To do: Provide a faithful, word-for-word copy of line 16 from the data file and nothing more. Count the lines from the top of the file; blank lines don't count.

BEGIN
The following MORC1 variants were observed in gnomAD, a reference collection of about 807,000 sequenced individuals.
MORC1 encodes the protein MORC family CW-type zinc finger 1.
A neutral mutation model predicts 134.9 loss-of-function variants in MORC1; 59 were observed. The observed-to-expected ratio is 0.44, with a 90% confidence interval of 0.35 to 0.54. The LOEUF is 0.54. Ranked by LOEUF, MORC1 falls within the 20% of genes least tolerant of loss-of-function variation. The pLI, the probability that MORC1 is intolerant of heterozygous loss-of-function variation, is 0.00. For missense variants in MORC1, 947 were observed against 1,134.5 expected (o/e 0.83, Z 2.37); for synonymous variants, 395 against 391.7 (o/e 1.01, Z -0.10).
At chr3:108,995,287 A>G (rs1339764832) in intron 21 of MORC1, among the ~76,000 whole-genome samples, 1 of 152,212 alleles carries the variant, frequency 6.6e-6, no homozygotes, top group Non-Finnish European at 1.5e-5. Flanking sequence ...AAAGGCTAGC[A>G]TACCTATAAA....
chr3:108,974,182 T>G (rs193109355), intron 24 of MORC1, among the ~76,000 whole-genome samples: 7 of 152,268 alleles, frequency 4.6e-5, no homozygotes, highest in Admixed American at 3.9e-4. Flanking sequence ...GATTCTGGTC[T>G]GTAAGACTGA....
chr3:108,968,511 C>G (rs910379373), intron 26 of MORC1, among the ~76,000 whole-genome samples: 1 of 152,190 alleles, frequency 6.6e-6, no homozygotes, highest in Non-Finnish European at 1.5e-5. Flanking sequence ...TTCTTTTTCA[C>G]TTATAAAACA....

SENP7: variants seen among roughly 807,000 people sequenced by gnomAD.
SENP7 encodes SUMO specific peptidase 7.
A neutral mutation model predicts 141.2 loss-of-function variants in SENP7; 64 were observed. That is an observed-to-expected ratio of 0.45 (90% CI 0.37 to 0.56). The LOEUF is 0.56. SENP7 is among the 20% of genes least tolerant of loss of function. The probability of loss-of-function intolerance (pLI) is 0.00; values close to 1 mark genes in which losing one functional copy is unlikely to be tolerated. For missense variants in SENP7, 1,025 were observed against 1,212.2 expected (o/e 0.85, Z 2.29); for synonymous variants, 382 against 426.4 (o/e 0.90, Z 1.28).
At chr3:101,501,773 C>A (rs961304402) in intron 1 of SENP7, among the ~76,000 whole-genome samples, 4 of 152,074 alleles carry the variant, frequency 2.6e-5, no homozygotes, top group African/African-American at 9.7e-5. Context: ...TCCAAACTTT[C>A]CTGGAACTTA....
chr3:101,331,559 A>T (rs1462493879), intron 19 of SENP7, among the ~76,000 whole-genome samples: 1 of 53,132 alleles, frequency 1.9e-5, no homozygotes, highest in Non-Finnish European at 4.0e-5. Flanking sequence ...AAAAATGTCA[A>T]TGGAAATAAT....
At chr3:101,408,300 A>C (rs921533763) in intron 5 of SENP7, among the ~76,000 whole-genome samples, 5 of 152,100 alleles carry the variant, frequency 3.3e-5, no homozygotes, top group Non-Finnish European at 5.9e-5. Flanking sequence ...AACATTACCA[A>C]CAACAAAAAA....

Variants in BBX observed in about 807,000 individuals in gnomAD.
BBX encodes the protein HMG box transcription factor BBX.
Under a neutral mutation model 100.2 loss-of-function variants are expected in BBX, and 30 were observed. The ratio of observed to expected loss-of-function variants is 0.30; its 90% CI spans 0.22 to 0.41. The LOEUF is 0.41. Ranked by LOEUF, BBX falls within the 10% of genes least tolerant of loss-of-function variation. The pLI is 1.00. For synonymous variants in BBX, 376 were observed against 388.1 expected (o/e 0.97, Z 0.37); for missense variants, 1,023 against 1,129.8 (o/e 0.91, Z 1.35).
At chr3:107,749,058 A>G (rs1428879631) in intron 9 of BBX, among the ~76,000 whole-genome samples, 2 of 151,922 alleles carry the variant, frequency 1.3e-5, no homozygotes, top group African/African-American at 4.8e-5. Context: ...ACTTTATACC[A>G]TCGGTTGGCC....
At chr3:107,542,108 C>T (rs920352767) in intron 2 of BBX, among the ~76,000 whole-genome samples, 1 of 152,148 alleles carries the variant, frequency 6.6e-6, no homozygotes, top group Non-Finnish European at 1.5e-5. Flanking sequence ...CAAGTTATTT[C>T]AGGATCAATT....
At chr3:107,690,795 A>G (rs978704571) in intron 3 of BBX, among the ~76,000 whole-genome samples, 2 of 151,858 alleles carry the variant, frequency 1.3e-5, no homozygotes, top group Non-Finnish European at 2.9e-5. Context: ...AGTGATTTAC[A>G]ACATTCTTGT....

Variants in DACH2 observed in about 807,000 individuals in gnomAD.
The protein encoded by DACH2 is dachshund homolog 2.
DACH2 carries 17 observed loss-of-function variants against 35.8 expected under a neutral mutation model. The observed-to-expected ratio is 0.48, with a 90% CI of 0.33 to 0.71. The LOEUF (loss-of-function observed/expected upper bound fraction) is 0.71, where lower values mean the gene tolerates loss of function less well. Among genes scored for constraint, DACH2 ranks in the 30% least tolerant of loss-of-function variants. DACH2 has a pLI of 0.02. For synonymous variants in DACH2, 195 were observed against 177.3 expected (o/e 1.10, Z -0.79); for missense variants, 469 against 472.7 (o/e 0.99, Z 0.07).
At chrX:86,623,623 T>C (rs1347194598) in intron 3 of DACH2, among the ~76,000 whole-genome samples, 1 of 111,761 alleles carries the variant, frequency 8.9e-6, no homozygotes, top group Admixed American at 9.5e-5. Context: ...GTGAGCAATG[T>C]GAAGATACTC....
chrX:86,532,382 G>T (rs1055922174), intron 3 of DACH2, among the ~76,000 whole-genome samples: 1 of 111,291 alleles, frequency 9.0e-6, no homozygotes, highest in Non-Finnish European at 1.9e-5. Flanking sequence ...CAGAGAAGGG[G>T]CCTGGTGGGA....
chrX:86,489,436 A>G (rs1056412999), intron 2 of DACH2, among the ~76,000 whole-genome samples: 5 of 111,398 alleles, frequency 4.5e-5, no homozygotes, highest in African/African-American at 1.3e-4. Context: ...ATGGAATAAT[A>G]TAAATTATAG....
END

At chr3:107,749,058 A>G (rs1428879631) in intron 9 of BBX, among the ~76,000 whole-genome samples, 2 of 151,922 alleles carry the variant, frequency 1.3e-5, no homozygotes, top group African/African-American at 4.8e-5. Context: ...ACTTTATACC[A>G]TCGGTTGGCC....